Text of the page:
The most controversial aspect of birthright citizenship is probably the several hundred thousand children born to illegal immigrants each year or the estimated five million U.S.-born children of illegal aliens in the country. Although smaller, there is also the question of children born to long-term temporary visa holders (primarily guestworkers, foreign students, and exchange visitors). These individuals are referred to as "non-immigrants" by the government, in contrast to those granted legal permanent residence, who are known as "immigrants" or green card holders. Whether the U.S. Constitution actually requires giving automatic citizenship to the children of temporary visitors, as is current practice, is not the focus of this analysis.
In 2016, the Office of Immigration Statistics inside DHS estimated that there were a total of 2.3 million people living in the United States on long-term temporary visas. We use DHS estimates of the non-immigrant population to estimate births to non-immigrants. We estimate that in 2016 there were about 39,000 births in the United States to a mother on a non-immigrant visa. We further estimate that 90 percent of the fathers of these children were non-citizens themselves, making it very likely that the fathers were either on non-immigrant visas like the mothers or were possibility illegal immigrants. This means that in 2016, about 35,000 children were born to a non-immigrant mother and were awarded U.S. citizenship at birth solely because they were born on U.S. soil and not because of their parents' citizenship.1 While nowhere near as large as the number born to illegal immigrants, it still means that each decade some 350,000 people are given automatic U.S. citizenship because their parents came to the United States to study or work temporarily.
The question of whether the United States should award citizenship to all children born in the United States automatically regardless of the parents' immigration status is an important one. It relates directly to issues of national sovereignty and who is an American. Whether the Constitution actually requires the current practice of awarding automatic citizenship to children born to foreigners on temporary visas or whether awarding citizenship to these individuals constitutes good public policy are beyond the scope of this analysis. What this analysis does show is that the number of children born to non-immigrants is not trivial; and over time the numbers are substantial.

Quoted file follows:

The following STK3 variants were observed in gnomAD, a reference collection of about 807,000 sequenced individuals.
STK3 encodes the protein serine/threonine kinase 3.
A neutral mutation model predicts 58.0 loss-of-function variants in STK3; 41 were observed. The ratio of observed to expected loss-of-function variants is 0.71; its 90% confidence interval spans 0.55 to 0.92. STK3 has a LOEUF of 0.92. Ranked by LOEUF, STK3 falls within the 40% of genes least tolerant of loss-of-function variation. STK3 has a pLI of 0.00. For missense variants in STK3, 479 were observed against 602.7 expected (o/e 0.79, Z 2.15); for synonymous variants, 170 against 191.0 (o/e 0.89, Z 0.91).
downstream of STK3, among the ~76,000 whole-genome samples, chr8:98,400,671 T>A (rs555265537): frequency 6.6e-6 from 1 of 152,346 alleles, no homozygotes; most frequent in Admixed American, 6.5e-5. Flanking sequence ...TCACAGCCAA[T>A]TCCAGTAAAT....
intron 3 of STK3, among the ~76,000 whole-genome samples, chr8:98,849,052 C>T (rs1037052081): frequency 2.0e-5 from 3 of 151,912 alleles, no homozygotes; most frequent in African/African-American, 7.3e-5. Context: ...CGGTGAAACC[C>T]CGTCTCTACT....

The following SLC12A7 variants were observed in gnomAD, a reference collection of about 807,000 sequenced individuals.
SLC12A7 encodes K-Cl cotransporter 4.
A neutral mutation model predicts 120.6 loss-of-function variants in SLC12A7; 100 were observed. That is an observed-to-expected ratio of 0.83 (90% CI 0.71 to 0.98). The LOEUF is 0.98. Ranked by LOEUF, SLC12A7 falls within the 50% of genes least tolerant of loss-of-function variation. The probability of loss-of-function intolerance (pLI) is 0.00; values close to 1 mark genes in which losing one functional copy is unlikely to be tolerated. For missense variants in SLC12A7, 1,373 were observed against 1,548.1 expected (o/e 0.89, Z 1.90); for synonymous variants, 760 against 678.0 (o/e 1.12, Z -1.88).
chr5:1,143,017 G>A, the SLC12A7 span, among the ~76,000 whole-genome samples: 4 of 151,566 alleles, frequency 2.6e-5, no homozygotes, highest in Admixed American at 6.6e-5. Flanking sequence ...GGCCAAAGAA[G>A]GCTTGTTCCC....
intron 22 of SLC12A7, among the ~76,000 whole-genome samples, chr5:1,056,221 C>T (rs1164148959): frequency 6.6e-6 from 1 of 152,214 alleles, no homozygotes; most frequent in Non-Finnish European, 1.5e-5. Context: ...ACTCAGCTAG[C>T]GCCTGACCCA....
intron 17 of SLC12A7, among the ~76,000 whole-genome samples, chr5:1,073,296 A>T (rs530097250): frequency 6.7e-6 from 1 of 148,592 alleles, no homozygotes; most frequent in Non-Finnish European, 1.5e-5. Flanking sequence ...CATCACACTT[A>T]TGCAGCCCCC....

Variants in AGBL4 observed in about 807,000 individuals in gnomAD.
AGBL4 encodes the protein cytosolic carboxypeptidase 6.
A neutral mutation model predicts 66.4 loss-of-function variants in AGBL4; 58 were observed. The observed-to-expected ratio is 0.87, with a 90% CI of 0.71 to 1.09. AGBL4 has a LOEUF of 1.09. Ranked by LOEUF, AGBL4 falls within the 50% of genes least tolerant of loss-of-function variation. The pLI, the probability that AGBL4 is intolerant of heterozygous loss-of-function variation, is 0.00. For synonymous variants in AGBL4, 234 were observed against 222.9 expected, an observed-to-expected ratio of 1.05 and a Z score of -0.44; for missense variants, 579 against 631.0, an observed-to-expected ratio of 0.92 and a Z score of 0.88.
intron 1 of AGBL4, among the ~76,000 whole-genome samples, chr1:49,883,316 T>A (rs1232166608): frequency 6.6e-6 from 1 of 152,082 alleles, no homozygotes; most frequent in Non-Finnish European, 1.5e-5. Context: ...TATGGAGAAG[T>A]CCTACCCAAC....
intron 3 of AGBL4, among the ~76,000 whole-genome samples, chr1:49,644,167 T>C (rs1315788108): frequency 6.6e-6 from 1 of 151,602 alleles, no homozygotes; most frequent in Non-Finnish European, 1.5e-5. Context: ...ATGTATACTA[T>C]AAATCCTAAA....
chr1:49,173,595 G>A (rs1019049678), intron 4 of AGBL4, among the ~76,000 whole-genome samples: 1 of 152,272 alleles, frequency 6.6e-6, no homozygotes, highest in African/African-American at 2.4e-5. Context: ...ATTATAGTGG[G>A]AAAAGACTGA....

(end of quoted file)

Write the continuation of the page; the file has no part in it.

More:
Methodology: Estimating Births to Temporary Visa Holders
The 2016 DHS report on non-immigrants shows 800,000 women ages 18 to 44 living in the country. Of these women, 310,000 were ages 18 to 24; 370,000 were ages 25 to 34; and 120,000 were ages 35 to 44. The DHS report also shows non-immigrants by visa category and the top sending countries.
Unfortunately, there is no table in the DHS report that divides non-immigrant women by age, visa category, and country together, so we are forced to make some assumptions about the number of births by country and visa category for women in their child-bearing years by country.
We estimate birth rates using the American Community Survey (ACS) collected by the U.S. Census Bureau. The ACS asks all women if they had a child in the prior year. To estimate birth rates for foreign students, we select non-citizen women by each age group reported in the DHS report and limit the analysis to those enrolled in school who entered the country as adults and have been in the country for no more than six years. To estimate birth rates for non-immigrant women who are not on student visas, we again limit the analysis to non-citizens who came to the United States as adults, are employed or the spouse of someone who is employed, have been in the country for less than six years, and are not students. India and China together account for 40 percent of non-immigrants in the country according to DHS; so we weight the birth rates for students and non-students by age to reflect the large share from these two top non-immigrant sending countries. The table below uses the birth rates from the ACS and combines them with the number of non-immigrant women in the country on student and non-student visas reported by DHS in 2016 to estimate the total number of births to mothers on non-immigrant visas.
In this analysis we ignore births to non-immigrants under age 18, as the number of them ages 15 to 17 is relatively small and their births rates quite low. Moreover, DHS has not provided the number of 15- to 17-year-olds, but instead groups all women under age 18 together. We do include children born to women on diplomatic visas, some of whose children are not automatic citizens. However, their inclusion makes no meaningful difference to the analysis as all women on diplomatic visas account for just 2.5 percent (20,000) of all non-immigrant women in their child-bearing years in the DHS estimates. Further, many of the children born to those on diplomatic visas do in fact receive automatic citizenship because of the nature of the diplomatic visa.2
The table shows a total of 39,407 births to the 800,000 women 18 to 44 on non-immigrant visas. This translates into a birth rate of 49 per thousand for non-immigrant women 18 to 44. The 2016 ACS shows a birth rate for all women ages 18 to 44 in America (native-born, legal immigrants, and illegal immigrants) of 68 per thousand — 77 per thousand for immigrant women (legal and illegal) and 66 per thousand for native-born women. This means that the birth rate for women on non-immigrant visas is a good deal lower than the birth rate for both native-born Americans and immigrants generally.